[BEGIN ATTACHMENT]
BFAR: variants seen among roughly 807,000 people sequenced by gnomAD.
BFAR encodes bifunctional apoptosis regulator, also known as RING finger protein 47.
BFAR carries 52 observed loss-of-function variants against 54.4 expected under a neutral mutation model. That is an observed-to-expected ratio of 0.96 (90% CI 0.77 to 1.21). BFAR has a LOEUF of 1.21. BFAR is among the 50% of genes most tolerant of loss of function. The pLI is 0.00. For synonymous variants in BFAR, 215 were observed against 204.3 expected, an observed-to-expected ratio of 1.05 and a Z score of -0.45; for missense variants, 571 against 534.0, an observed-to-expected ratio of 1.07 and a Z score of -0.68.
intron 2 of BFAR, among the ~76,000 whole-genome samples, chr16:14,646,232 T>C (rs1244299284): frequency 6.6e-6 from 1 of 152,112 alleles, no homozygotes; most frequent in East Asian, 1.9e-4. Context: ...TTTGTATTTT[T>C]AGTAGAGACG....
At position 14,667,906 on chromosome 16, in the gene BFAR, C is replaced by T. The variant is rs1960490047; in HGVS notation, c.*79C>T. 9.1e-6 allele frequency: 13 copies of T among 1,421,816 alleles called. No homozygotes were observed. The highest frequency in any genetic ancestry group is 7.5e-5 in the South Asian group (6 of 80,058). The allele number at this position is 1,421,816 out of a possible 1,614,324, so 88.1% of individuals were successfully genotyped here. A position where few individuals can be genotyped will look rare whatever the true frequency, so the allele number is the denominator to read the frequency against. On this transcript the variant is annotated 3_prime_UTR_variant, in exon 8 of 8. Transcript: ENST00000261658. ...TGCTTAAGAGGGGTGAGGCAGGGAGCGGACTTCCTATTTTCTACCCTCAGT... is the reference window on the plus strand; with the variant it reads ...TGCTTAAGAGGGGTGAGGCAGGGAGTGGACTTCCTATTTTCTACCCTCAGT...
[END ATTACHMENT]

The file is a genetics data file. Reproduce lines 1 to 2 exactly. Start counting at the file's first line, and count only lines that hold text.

BFAR: variants seen among roughly 807,000 people sequenced by gnomAD.
BFAR encodes bifunctional apoptosis regulator, also known as RING finger protein 47.